‘Just listen’: Nunavut officials urge residents of coronavirus hotspot to stay home

Nunavut’s health minister is pleading with residents of Arviat, where a COVID-19 outbreak continued to grow Friday, to stay home.

Lorne Kusugak said if people living in Arviat follow isolation rules, the outbreak could be over in two weeks.

The community of about 2,800 on the western edge of Hudson Bay is under a full lockdown, with schools and businesses closed and travel restricted. It is the only community in Nunavut with active infections.

Sixteen new cases were announced Friday, bringing the total number of active cases there to 56.

Read more: Nunavut lifts 2-week coronavirus lockdown everywhere except for hotspot Arviat

People who are isolating in Arviat are getting tired, Kusugak said, and they need the community to work together to bring case numbers down.

“They too want to go out. They too want to visit. But they cannot until everybody stops visiting and not wearing masks and breaking the rules,” an emotional Kusugak, his voice shaking, told a press conference.

“If you would listen for two weeks, this could all go away. This is so preventable. Just listen.”

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Coronavirus: 11 new COVID-19 cases in Nunavut as territory eases 2-week lockdown restrictions – Dec 2, 2020

Kusugak warned residents that even if people seem healthy, they can still be carrying the virus.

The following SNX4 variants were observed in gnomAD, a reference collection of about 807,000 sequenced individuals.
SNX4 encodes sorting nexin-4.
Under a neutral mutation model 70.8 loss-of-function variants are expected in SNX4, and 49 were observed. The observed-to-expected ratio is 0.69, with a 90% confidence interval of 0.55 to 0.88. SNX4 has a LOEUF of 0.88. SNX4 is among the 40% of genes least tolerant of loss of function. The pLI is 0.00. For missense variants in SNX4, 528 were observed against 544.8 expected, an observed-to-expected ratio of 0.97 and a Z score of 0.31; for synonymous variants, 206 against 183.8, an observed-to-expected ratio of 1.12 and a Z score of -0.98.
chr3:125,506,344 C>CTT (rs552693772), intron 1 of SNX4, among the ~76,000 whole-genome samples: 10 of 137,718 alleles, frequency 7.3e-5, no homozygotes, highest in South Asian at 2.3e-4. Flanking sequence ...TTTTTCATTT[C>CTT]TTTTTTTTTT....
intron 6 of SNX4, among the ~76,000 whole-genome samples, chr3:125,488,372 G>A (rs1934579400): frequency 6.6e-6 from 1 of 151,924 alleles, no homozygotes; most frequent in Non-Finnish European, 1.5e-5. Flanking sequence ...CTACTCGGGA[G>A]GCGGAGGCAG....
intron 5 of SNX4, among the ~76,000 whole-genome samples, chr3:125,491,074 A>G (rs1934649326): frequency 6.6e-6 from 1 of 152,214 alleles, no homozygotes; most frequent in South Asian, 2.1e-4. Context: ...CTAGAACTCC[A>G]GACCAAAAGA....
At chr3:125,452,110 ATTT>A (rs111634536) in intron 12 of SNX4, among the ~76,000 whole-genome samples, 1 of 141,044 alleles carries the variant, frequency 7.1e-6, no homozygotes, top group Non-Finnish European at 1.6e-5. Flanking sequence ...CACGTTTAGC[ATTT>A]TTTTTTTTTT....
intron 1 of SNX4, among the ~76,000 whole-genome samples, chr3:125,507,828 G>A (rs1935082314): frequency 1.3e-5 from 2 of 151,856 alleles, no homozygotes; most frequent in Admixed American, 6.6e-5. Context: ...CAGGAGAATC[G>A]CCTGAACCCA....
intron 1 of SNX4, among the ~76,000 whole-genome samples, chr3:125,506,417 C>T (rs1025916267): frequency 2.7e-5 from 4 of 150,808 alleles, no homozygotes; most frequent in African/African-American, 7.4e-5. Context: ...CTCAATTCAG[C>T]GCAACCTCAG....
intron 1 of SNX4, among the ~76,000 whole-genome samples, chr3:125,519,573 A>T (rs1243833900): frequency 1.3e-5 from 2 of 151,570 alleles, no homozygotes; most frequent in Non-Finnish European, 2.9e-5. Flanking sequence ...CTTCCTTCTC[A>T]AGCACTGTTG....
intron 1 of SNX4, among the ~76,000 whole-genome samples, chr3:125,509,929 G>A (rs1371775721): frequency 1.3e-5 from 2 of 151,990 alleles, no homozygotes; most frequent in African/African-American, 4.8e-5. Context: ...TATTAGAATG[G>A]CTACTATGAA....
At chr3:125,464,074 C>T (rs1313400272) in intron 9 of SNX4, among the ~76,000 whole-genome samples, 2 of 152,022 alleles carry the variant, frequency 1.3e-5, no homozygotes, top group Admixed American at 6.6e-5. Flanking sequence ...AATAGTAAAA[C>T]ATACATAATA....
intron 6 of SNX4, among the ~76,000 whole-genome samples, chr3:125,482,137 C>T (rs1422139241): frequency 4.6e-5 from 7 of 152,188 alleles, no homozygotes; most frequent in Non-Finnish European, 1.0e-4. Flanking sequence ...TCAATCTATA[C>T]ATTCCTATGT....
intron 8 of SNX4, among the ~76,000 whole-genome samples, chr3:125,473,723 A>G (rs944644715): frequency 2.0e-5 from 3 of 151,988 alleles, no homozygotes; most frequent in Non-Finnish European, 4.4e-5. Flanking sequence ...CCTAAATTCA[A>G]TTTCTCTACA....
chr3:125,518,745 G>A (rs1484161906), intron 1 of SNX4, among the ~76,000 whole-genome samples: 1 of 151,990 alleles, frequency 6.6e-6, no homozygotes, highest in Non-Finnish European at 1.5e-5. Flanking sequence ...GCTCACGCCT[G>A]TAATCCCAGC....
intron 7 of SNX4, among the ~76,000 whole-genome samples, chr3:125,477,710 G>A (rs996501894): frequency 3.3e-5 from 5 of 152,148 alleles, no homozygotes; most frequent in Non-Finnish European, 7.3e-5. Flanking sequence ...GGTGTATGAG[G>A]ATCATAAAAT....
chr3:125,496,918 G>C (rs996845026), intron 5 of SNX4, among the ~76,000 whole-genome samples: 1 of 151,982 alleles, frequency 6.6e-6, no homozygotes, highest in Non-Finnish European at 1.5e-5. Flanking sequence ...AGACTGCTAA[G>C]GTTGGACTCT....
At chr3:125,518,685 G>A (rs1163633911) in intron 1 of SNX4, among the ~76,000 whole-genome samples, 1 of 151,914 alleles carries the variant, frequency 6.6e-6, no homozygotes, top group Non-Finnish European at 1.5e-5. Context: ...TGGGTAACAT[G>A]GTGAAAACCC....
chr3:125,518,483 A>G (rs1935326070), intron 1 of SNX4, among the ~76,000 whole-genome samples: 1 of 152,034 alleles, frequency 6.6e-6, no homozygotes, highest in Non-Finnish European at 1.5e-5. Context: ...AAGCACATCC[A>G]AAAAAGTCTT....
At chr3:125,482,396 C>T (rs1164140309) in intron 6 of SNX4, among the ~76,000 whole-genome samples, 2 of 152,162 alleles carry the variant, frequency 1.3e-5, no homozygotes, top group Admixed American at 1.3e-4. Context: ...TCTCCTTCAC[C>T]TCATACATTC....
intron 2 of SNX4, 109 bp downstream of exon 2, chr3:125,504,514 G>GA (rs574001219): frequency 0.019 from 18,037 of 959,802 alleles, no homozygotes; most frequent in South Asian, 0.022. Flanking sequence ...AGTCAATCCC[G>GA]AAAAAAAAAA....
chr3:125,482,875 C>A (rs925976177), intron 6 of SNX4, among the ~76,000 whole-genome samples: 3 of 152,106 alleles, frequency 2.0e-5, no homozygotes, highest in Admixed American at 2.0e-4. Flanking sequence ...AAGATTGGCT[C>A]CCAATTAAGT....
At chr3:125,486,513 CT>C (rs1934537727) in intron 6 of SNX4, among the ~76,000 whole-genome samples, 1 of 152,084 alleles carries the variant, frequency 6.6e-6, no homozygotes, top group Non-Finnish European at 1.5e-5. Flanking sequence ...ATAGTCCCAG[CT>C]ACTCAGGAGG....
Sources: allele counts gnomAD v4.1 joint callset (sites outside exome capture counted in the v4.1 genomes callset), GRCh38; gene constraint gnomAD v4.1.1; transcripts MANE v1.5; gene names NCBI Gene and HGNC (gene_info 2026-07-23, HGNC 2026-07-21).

“You know who you are. If you’ve been told … that you’ve tested positive, please stop people in your house from visiting.”

He said Arviammiut have endured a lot of hardship over the years. “Some of it a lot harder than what they’re going through right now.”

“They overcame all those obstacles. You can overcome this.”

Read more: Ottawa providing nearly $20M to help Nunavut combat growing coronavirus outbreak

Premier Joe Savikataaq said the territory is to get the Moderna COVID-19 vaccine early in the new year.

He said Prime Minister Justin Trudeau has assured him Nunavut will get enough doses to vaccinate 75 per cent of the population over the age of 18.

“We are working hard to develop our rollout plan and the logistics and the human resources necessary to administer the vaccine,” the premier said.

Elders and health-care workers will be prioritized, he added.

Read more: ‘All it takes is one case’: How coronavirus cases suddenly spiked across Nunavut

The Moderna vaccine has yet to be approved by Health Canada.

Nunavut’s chief public health officer, Dr. Michael Patterson, also said one Nunavut resident has tested positive for COVID-19 in a rapid testing program at a Winnipeg isolation hotel.

Anyone who leaves Nunavut must isolate for 14 days in a hotel in southern Canada before flying back to the territory.

Nunavut’s first cases of COVID-19 in early November came from people who had completed isolation in Winnipeg before travelling home.

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© 2020 The Canadian Press

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